A day for patriots as defiant Boston races again
They returned, they raced, they reclaimed. The celebrations of runners and deafening cheers of spectators at the sunlit finish line of the Boston Marathon were about so much more yesterday than just completing one of the world's great sporting challenges.
An estimated million people lined the route in a display of defiance and a celebration of resilience, a year after two bombs ripped through the crowd at the finish line on Boylston Street, killing three and injuring more than 260.
With the mood festive on the New England holiday of Patriot's Day, it was a remarkable contrast with the moment when the 2013 race ended in murder and mayhem, turning the same city street into something resembling a war zone.
Yet the spectre of that atrocity was inescapable as crowds turned out in record numbers to watch a field expanded to 36,000, to include some 5,000 runners who could not complete last year's race. Up to 30 Irish runners took part.
A year ago, when US President Barack Obama comforted a city in mourning, he raised its morale with the pledge: "You will run again."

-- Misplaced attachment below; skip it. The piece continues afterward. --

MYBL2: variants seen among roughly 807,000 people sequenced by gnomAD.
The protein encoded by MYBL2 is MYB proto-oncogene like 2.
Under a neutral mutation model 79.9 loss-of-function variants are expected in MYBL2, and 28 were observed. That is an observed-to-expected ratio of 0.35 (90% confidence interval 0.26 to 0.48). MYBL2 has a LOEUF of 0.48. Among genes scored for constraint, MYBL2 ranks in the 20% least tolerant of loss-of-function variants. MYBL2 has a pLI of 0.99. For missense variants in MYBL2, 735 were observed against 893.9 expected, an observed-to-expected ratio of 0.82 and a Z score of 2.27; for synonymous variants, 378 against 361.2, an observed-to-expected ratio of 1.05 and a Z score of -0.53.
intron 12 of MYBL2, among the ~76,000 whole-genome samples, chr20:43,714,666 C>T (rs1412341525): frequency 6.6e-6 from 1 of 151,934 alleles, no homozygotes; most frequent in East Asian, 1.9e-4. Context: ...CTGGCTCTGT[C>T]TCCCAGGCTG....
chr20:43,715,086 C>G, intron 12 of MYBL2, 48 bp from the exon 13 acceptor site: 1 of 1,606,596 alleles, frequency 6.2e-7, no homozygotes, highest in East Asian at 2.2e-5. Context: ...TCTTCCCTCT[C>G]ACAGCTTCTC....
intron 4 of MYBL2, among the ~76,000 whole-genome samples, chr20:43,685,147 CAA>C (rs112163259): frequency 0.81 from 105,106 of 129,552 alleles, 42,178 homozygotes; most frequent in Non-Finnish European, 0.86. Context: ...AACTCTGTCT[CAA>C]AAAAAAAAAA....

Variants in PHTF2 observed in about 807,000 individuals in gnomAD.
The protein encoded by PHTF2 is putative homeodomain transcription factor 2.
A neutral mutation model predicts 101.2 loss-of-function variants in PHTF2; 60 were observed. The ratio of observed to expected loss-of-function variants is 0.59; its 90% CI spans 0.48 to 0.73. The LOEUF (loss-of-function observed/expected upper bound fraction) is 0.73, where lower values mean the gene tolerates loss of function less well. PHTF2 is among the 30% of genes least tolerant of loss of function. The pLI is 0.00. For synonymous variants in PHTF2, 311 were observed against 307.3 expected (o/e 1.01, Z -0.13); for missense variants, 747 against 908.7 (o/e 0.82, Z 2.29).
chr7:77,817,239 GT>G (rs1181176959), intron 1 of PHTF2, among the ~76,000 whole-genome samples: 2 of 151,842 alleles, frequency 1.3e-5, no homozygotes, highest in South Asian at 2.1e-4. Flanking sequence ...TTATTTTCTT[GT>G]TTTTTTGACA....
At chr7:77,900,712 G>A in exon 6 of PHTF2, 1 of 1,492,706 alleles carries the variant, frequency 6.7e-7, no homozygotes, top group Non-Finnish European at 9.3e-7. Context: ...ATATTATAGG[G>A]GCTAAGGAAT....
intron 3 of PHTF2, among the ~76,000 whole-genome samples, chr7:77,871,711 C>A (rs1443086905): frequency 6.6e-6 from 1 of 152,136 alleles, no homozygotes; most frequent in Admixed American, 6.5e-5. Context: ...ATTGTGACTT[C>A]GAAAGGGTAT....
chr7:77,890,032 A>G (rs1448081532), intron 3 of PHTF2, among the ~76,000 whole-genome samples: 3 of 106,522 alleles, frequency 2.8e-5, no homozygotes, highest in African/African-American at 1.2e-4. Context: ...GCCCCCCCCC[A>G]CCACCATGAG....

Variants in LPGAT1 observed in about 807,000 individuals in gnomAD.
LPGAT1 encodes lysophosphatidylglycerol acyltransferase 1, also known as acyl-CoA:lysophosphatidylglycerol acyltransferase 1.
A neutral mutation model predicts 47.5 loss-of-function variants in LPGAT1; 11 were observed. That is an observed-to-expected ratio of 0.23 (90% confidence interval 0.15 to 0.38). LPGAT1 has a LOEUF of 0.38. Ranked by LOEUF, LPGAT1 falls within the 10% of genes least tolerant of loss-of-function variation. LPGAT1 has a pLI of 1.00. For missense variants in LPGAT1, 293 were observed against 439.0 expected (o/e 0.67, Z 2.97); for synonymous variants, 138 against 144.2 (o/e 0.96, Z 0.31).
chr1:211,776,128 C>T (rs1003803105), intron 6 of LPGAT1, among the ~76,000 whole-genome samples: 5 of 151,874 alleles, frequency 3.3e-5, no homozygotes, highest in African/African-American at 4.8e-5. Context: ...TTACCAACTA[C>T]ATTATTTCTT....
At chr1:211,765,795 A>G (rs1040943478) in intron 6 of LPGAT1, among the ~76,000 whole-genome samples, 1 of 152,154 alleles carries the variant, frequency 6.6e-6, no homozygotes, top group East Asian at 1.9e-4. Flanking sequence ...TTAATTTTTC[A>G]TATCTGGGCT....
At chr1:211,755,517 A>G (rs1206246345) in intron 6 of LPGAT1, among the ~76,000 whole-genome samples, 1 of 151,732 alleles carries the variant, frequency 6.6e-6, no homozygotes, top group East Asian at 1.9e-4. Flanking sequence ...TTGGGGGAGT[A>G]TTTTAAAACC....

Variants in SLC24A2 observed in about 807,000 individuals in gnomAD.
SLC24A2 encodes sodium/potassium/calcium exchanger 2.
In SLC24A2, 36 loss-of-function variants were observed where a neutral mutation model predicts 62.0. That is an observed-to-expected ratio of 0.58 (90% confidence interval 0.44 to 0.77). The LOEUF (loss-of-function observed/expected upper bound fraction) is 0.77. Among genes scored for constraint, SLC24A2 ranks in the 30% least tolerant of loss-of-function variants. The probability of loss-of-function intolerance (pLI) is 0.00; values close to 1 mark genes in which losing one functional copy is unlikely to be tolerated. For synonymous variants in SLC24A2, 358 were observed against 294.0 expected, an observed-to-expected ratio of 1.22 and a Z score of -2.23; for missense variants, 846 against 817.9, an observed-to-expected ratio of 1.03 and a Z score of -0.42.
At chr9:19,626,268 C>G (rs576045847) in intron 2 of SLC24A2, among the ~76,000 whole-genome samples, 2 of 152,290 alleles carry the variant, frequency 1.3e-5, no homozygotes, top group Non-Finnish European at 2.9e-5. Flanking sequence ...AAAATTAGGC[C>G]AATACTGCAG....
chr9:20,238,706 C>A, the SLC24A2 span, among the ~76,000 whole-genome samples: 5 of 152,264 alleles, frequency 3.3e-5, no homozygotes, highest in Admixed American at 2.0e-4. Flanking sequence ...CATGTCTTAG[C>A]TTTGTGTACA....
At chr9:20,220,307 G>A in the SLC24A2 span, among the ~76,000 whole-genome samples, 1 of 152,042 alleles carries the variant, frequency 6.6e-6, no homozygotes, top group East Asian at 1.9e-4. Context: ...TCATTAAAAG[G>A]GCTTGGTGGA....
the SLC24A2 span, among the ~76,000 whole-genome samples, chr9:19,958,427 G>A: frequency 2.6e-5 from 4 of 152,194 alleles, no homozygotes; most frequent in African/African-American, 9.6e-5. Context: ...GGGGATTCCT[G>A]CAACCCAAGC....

Now the day had come when Boston ran again, to reclaim the streets for the world's oldest marathon. The emotion on such a charged occasion intensified as for the first time since 1983, the men's event was won by an American, Meb Keflizighi, who finished in just two hours and eight minutes.
The 38-year-old, who arrived in the US as a refugee from Eritrea aged 12, dedicated his victory to those killed last year, whose names were written on his running vest. "I said I am going to use their energy to win it, and they were spectators with me," he said.
"I am honoured to win today. The US gave me a chance and gave me hope."
Roaring him on at the finish line was a man in a cowboy hat waving American flags, Carlos Arredondo, who became one of the faces of the bombings after being photographed wearing the same hat as he pulled to safety a man whose lower legs had just been blown off.
Mr Arredondo, a Costa Rican immigrant, had been giving away flags in honour of fallen US soldiers in Iraq, including his oldest son, when the blasts exploded across the road. He said he was still haunted by his memories of that day last year and struggled to remain calm in large crowds. "No way was I not coming back to the finish line for 2014," he said.
Bob Hilliard from Clonakilty, west Cork, was there when the first bomb went off, but yesterday was determined to take part. "The security is high but it's very open and easy going. There's a lovely sense of well-being," he said.
Wexford native Lisa Horan, who also completed the race, said her family were lucky to survive last year. She was nearing the finish line when she received a phone call from her husband Kevin. He told her the marathon had been stopped, and then the line went dead.
Kevin and the couple's three daughters had secured a spot close to the finish line to cheer her on. They were lucky to escape injury given the explosions occurred close to where they were standing.
"I know how lucky we are. That could have been my family," Lisa said. (© Daily Telegraph, London)